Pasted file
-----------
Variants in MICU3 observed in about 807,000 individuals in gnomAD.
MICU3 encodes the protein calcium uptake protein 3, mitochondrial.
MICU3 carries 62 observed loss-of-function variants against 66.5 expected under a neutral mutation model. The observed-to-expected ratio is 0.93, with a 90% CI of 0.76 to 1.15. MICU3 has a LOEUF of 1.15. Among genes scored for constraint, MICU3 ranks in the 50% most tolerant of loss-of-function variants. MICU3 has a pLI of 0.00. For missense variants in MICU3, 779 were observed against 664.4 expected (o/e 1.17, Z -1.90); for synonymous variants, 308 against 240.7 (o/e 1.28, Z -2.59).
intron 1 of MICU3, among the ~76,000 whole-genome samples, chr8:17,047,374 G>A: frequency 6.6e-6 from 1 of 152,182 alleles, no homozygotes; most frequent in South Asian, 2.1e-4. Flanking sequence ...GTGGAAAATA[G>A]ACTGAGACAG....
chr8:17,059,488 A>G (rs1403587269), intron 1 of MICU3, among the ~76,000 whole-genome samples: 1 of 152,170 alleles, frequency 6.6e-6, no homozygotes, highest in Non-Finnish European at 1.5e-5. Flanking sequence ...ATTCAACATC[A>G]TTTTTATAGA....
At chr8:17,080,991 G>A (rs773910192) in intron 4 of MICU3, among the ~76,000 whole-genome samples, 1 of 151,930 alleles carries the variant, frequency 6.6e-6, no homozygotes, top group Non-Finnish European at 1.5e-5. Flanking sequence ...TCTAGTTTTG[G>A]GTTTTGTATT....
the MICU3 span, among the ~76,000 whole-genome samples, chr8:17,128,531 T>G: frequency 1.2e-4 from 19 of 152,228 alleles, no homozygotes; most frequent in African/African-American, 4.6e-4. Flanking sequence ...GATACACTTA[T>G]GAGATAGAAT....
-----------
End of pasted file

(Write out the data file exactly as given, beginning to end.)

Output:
Variants in MICU3 observed in about 807,000 individuals in gnomAD.
MICU3 encodes the protein calcium uptake protein 3, mitochondrial.
MICU3 carries 62 observed loss-of-function variants against 66.5 expected under a neutral mutation model. The observed-to-expected ratio is 0.93, with a 90% CI of 0.76 to 1.15. MICU3 has a LOEUF of 1.15. Among genes scored for constraint, MICU3 ranks in the 50% most tolerant of loss-of-function variants. MICU3 has a pLI of 0.00. For missense variants in MICU3, 779 were observed against 664.4 expected (o/e 1.17, Z -1.90); for synonymous variants, 308 against 240.7 (o/e 1.28, Z -2.59).
intron 1 of MICU3, among the ~76,000 whole-genome samples, chr8:17,047,374 G>A: frequency 6.6e-6 from 1 of 152,182 alleles, no homozygotes; most frequent in South Asian, 2.1e-4. Flanking sequence ...GTGGAAAATA[G>A]ACTGAGACAG....
chr8:17,059,488 A>G (rs1403587269), intron 1 of MICU3, among the ~76,000 whole-genome samples: 1 of 152,170 alleles, frequency 6.6e-6, no homozygotes, highest in Non-Finnish European at 1.5e-5. Flanking sequence ...ATTCAACATC[A>G]TTTTTATAGA....
At chr8:17,080,991 G>A (rs773910192) in intron 4 of MICU3, among the ~76,000 whole-genome samples, 1 of 151,930 alleles carries the variant, frequency 6.6e-6, no homozygotes, top group Non-Finnish European at 1.5e-5. Flanking sequence ...TCTAGTTTTG[G>A]GTTTTGTATT....
the MICU3 span, among the ~76,000 whole-genome samples, chr8:17,128,531 T>G: frequency 1.2e-4 from 19 of 152,228 alleles, no homozygotes; most frequent in African/African-American, 4.6e-4. Flanking sequence ...GATACACTTA[T>G]GAGATAGAAT....